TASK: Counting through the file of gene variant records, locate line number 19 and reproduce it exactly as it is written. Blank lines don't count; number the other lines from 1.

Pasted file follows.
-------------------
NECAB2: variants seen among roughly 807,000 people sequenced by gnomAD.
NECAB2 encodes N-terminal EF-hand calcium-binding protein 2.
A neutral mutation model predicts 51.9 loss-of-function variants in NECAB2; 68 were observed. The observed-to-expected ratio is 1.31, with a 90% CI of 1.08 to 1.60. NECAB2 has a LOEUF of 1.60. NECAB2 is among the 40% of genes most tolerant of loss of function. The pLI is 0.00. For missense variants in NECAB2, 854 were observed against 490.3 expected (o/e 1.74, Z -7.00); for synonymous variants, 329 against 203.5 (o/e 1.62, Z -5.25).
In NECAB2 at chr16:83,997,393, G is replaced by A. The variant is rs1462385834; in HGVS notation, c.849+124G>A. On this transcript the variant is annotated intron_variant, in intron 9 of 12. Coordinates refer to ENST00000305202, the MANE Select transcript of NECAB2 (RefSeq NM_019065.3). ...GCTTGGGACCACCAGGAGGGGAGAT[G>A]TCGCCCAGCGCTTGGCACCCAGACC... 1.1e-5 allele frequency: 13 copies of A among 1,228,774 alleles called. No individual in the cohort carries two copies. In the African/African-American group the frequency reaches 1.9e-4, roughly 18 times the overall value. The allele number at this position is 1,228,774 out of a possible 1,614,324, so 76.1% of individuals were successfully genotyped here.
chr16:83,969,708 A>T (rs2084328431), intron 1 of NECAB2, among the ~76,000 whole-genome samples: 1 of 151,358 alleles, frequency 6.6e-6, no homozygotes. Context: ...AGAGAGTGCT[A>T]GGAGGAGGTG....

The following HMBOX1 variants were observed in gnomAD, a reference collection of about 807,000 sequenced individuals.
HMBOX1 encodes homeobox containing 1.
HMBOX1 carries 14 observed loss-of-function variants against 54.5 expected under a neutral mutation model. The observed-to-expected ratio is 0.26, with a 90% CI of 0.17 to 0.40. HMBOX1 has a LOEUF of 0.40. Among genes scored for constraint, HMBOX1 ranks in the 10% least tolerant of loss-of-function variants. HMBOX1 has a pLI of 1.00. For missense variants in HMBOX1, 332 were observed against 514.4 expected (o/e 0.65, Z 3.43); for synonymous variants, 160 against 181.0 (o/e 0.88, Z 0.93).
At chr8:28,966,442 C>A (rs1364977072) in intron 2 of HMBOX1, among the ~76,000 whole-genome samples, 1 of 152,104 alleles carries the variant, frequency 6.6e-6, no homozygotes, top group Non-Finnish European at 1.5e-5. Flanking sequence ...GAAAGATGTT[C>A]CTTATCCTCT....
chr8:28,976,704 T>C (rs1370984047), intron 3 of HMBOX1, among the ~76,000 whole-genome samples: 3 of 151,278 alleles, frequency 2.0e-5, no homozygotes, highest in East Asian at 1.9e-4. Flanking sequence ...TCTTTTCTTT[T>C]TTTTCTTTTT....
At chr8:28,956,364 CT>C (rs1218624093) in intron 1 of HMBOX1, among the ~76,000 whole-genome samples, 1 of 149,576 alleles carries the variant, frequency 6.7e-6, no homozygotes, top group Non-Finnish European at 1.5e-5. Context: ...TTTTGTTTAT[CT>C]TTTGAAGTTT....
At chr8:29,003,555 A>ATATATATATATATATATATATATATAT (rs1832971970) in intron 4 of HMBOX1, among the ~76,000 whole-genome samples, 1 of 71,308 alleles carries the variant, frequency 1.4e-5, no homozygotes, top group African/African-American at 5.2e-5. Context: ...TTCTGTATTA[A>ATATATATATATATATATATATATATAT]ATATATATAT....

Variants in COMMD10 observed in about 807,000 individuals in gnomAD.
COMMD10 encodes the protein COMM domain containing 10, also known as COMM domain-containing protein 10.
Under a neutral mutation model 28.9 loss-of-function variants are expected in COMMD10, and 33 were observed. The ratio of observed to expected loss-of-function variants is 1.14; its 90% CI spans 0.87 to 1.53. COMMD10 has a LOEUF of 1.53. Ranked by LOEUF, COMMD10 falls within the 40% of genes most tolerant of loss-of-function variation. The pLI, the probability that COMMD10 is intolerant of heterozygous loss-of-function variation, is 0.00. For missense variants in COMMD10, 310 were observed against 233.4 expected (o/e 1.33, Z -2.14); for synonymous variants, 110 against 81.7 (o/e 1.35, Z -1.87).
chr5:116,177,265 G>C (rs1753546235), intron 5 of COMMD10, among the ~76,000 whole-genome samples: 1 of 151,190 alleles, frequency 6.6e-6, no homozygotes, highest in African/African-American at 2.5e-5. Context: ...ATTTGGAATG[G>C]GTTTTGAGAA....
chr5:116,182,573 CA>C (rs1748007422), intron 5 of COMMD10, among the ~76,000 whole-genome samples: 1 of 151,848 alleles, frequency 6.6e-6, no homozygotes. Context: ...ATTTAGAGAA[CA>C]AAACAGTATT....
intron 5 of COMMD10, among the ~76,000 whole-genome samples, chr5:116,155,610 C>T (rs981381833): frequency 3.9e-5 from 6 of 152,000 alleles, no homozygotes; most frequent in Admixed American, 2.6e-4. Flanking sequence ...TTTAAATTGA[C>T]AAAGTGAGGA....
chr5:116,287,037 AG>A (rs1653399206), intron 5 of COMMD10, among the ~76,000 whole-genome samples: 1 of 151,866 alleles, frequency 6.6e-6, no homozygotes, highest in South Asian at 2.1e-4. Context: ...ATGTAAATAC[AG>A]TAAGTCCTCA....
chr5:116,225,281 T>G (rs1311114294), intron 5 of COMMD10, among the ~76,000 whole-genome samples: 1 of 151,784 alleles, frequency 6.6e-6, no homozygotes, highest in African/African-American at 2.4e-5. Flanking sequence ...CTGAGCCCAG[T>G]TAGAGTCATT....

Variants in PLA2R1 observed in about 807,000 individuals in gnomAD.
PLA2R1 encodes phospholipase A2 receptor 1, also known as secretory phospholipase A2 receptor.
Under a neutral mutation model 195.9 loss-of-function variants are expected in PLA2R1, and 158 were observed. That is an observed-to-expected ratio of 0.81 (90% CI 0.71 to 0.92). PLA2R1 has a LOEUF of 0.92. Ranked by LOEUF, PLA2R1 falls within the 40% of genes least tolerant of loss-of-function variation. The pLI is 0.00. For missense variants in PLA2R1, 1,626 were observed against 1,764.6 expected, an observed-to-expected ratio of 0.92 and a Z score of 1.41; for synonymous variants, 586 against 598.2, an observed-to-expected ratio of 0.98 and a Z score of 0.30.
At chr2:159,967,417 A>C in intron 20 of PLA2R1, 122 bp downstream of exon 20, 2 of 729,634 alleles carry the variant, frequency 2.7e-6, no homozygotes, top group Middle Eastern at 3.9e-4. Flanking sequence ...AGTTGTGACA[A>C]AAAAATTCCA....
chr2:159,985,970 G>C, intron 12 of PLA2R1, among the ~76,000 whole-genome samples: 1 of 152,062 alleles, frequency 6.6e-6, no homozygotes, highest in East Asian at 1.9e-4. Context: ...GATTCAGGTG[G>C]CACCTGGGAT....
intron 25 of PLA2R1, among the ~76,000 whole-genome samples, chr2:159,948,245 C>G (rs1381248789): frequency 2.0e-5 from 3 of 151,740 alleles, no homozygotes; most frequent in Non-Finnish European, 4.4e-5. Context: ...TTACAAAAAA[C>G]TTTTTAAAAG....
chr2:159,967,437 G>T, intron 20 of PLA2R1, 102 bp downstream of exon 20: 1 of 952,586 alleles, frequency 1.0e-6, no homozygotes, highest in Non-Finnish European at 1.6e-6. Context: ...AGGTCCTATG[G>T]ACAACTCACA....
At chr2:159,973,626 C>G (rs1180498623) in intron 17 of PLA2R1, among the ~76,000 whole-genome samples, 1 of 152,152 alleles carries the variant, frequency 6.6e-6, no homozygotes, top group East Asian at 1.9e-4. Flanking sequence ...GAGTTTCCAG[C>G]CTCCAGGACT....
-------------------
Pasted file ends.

chr5:116,287,037 AG>A (rs1653399206), intron 5 of COMMD10, among the ~76,000 whole-genome samples: 1 of 151,866 alleles, frequency 6.6e-6, no homozygotes, highest in South Asian at 2.1e-4. Context: ...ATGTAAATAC[AG>A]TAAGTCCTCA....